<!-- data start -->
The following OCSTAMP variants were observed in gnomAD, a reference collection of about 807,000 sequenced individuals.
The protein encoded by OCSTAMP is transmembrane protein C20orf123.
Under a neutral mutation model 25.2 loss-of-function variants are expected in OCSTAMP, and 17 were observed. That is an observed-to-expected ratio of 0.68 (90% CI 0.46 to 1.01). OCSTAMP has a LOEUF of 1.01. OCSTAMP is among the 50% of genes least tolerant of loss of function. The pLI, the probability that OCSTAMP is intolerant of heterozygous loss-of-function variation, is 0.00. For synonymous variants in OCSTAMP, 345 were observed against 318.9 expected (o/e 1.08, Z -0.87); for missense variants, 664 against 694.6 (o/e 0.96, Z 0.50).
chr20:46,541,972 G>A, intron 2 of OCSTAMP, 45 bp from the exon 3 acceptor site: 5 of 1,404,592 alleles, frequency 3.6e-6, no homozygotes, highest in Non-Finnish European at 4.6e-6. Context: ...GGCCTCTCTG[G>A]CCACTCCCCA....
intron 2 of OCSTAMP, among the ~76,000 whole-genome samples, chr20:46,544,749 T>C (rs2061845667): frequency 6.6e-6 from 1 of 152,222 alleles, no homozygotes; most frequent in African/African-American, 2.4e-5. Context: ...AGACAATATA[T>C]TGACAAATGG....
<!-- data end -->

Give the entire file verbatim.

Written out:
The following OCSTAMP variants were observed in gnomAD, a reference collection of about 807,000 sequenced individuals.
The protein encoded by OCSTAMP is transmembrane protein C20orf123.
Under a neutral mutation model 25.2 loss-of-function variants are expected in OCSTAMP, and 17 were observed. That is an observed-to-expected ratio of 0.68 (90% CI 0.46 to 1.01). OCSTAMP has a LOEUF of 1.01. OCSTAMP is among the 50% of genes least tolerant of loss of function. The pLI, the probability that OCSTAMP is intolerant of heterozygous loss-of-function variation, is 0.00. For synonymous variants in OCSTAMP, 345 were observed against 318.9 expected (o/e 1.08, Z -0.87); for missense variants, 664 against 694.6 (o/e 0.96, Z 0.50).
chr20:46,541,972 G>A, intron 2 of OCSTAMP, 45 bp from the exon 3 acceptor site: 5 of 1,404,592 alleles, frequency 3.6e-6, no homozygotes, highest in Non-Finnish European at 4.6e-6. Context: ...GGCCTCTCTG[G>A]CCACTCCCCA....
intron 2 of OCSTAMP, among the ~76,000 whole-genome samples, chr20:46,544,749 T>C (rs2061845667): frequency 6.6e-6 from 1 of 152,222 alleles, no homozygotes; most frequent in African/African-American, 2.4e-5. Context: ...AGACAATATA[T>C]TGACAAATGG....